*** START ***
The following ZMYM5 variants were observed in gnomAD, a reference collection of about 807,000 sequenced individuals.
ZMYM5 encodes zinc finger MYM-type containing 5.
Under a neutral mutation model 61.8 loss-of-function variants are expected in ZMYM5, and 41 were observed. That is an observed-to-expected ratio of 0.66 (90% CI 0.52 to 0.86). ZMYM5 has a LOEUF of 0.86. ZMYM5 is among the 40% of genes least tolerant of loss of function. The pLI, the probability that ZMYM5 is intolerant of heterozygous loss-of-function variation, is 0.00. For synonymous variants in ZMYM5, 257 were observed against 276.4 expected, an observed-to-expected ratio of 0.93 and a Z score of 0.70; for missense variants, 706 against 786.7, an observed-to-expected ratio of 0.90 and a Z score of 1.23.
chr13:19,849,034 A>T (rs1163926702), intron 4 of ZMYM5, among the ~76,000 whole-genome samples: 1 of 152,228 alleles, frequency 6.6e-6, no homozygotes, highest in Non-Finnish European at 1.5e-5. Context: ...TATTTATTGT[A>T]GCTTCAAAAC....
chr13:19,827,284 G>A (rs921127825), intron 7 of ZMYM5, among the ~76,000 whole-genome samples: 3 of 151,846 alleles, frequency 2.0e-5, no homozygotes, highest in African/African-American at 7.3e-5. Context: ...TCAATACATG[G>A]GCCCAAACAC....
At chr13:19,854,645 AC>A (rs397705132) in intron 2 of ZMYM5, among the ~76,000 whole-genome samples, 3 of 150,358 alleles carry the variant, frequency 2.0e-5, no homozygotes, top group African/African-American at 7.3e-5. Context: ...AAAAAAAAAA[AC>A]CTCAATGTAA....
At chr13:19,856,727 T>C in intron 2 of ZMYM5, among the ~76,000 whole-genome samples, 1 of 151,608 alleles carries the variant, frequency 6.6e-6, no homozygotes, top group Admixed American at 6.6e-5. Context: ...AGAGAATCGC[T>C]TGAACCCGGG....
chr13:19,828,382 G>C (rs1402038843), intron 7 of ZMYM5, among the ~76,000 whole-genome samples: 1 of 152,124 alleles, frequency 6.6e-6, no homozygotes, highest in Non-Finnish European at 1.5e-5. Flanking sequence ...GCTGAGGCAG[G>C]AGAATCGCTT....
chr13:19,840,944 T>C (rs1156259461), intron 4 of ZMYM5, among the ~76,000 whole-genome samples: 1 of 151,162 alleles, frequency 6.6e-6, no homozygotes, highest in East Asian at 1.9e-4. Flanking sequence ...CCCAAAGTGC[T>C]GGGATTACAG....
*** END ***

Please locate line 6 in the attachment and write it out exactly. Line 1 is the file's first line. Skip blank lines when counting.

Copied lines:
At chr13:19,854,645 AC>A (rs397705132) in intron 2 of ZMYM5, among the ~76,000 whole-genome samples, 3 of 150,358 alleles carry the variant, frequency 2.0e-5, no homozygotes, top group African/African-American at 7.3e-5. Context: ...AAAAAAAAAA[AC>A]CTCAATGTAA....